There is certainly much more to this novel than at first meets the eye. This is not a novel that has the artful postures of love, that shapes itself on long sighs and whimsy. It is a novel that is supposed to be a tangle of forces pulling David in all directions and it did leave me a little sad in the end. Sad for David. Sad for Giovanni. Sad for Hella. It felt like a decidedly Kafka-esque conclusion, which I suppose is true for many love affairs. Gender roles in this novel were handled in quite an interesting way, David rejecting the idea that Giovanni wants him to be a ‘housewife’, the ‘other’ masculinity that belongs to ‘deviant’ sexuality, Hella’s instance she now wants to be a wife. But it also demonstrates how fine the line is between love and agony and how quickly people reject one another’s company or even who they were with said person because they are wounded.

This novel succeeds to create a facsimile of just how complicated sexuality, gender, and social pressure can be when you are concerned about the expectations placed on you. It is a tragic story in many ways but will give you ample to think about regardless of your own sexuality, gender identity, or relationship status.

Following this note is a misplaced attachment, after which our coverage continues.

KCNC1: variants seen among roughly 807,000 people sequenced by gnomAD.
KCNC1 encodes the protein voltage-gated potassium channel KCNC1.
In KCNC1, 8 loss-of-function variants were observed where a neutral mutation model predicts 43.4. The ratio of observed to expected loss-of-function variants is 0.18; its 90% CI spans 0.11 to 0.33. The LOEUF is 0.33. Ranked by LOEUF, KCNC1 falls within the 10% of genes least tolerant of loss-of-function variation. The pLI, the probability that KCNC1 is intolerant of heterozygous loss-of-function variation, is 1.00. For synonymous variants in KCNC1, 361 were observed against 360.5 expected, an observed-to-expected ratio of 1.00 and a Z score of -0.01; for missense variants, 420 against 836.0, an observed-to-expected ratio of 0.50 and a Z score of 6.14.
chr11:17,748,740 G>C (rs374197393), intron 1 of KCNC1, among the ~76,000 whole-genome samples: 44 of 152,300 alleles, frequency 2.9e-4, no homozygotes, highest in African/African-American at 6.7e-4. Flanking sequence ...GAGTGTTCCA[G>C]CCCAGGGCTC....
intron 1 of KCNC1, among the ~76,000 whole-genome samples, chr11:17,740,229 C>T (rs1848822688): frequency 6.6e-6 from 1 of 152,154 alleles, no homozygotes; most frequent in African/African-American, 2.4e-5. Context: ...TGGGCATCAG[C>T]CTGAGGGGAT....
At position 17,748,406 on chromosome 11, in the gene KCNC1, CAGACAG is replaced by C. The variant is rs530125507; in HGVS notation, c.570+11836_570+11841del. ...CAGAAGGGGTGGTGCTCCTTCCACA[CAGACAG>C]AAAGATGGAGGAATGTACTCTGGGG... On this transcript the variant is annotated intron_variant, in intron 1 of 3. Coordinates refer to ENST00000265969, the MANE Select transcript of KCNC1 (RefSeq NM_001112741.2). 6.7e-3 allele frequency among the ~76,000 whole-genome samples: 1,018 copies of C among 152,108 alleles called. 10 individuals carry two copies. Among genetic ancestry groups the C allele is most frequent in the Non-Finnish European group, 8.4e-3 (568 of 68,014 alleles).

70. A Closed and Common Orbit 

Everywhere I look online I find people celebrating this novel (granted I haven’t looked very far or very deep into the internet). Personally, I am ready to bludgeon anybody who refuses to give a closed and common orbit a chance; so be warned. If you ever find me on my soapbox in a bookshop with you (it happens often) handing you this novel and you do not buy it, it will somehow find it’s way into your bag anyway. (Or perhaps it won’t.) But seriously this novel is now high up on my favourites list alongside the novel it follows a long way to a small angry planet.

I’ve actually been having a little bit of trouble in starting this post because this is that novel for me in many ways. It is that novel, which arrives exactly when you need it to. It is that novel that excels in world building and foregrounds gender identity, sexuality, and social invisibility. It is that novel that also demonstrates the validity of viable AI personalities deserving a recognised place in society beyond that of property to be sold. It is that novel that supports escape as a means to reclaiming yourself from authorities. It is that novel that demands you recognise the want for becoming autonomous is not only an option, but a right. It is that novel that tells you you are not who you were initially designed and purposed to be and that’s okay.